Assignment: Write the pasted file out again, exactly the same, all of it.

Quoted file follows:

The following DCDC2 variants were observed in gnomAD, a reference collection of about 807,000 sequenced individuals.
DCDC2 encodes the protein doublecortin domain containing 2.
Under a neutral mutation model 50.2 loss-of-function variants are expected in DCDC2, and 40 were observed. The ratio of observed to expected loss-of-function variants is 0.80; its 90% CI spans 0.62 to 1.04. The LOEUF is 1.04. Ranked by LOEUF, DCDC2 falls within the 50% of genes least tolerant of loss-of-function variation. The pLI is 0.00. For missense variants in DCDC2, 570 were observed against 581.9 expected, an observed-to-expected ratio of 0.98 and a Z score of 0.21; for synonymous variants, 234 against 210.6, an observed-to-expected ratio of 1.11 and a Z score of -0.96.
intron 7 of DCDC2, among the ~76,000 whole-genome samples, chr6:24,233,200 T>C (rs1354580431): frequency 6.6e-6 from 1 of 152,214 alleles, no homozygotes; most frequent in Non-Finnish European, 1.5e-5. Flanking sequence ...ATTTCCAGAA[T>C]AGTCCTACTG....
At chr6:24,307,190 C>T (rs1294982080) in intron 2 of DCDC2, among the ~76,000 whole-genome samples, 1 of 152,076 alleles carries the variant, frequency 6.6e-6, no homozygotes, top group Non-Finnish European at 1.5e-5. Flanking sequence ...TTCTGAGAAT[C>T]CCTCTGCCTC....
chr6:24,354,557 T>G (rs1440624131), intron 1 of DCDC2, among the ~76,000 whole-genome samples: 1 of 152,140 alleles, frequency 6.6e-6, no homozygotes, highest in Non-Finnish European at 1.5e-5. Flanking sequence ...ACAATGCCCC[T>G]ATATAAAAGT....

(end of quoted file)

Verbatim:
The following DCDC2 variants were observed in gnomAD, a reference collection of about 807,000 sequenced individuals.
DCDC2 encodes the protein doublecortin domain containing 2.
Under a neutral mutation model 50.2 loss-of-function variants are expected in DCDC2, and 40 were observed. The ratio of observed to expected loss-of-function variants is 0.80; its 90% CI spans 0.62 to 1.04. The LOEUF is 1.04. Ranked by LOEUF, DCDC2 falls within the 50% of genes least tolerant of loss-of-function variation. The pLI is 0.00. For missense variants in DCDC2, 570 were observed against 581.9 expected, an observed-to-expected ratio of 0.98 and a Z score of 0.21; for synonymous variants, 234 against 210.6, an observed-to-expected ratio of 1.11 and a Z score of -0.96.
intron 7 of DCDC2, among the ~76,000 whole-genome samples, chr6:24,233,200 T>C (rs1354580431): frequency 6.6e-6 from 1 of 152,214 alleles, no homozygotes; most frequent in Non-Finnish European, 1.5e-5. Flanking sequence ...ATTTCCAGAA[T>C]AGTCCTACTG....
At chr6:24,307,190 C>T (rs1294982080) in intron 2 of DCDC2, among the ~76,000 whole-genome samples, 1 of 152,076 alleles carries the variant, frequency 6.6e-6, no homozygotes, top group Non-Finnish European at 1.5e-5. Flanking sequence ...TTCTGAGAAT[C>T]CCTCTGCCTC....
chr6:24,354,557 T>G (rs1440624131), intron 1 of DCDC2, among the ~76,000 whole-genome samples: 1 of 152,140 alleles, frequency 6.6e-6, no homozygotes, highest in Non-Finnish European at 1.5e-5. Flanking sequence ...ACAATGCCCC[T>G]ATATAAAAGT....